"The people who did buy the homes, they paid twice," said Councilmember Hans Riemer, during a briefing where members of the Montgomery County Council's Transportation, Infrastructure, Energy and Environment Committee struggled to follow the flow of funding in the project.

But it's the position of Montgomery County Executive Isiah Leggett's staff that the IG has it all wrong. In a memorandum dated March 15, Chief Administrative Officer for the County Tim Firestine denies Dagley's suggestion that there were double payments to the developers.

"This is not the case. The two infrastructure financing mechanisms [used in the pumping station construction] are indeed complex, especially when both are present. But the actions by both County agencies were appropriate," he says.

That and the explanations in the briefing weren't enough for Councilmembers Nancy Floreen, Council President Valerie Ervin and Councilmember Marc Elrich.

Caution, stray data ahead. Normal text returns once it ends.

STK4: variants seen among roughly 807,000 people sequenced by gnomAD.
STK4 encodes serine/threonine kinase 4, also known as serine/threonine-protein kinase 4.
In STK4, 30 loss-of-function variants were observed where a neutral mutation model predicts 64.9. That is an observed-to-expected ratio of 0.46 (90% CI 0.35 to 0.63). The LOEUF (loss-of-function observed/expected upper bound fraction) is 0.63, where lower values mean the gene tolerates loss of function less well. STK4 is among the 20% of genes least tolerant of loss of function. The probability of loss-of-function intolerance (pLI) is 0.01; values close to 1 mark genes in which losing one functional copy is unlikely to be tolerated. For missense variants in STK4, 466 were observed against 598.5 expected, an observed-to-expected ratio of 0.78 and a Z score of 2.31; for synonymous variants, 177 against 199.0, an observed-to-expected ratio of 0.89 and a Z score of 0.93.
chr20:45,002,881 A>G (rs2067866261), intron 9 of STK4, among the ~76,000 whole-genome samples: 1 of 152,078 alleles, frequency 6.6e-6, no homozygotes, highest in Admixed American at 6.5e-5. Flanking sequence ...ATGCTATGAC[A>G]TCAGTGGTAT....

"We're not done here," Elrich said, as the group tried to pin down precise numbers from the county executive appointees.

Elrich told the appointees to "bring spreadsheets" the next time the panel comes before the council. Ervin said more examination is needed since questions about complex funding for development projects, dating back to what she referred to as "the Clarksburg debacle... keep coming back like a bad penny."

But Council member Roger Berliner had a different take on the issue. In citing the confusion the funding mechanism was causing, he challenged the inspector general to defend his work and questioned whether Dagley was "simply repeating allegations." SOURCE: WTOP

MoCo Exec, Unions Continue Clashing over Cuts

ROCKVILLE, Md. -- A painfully tight budget in Montgomery County is pitting the county executive against county employee unions. County Executive Isiah Leggett, faced with a $ 300 million budget shortfall for the upcoming fiscal year, submitted a budget proposal to the county council that will cut union workers' take-home pay and require them to shoulder a bigger share of their health insurance and pension costs. Employee health care contributions would rise from 20 percent to 30 percent. Employees would also be asked to contribute two percent more toward their own retirement.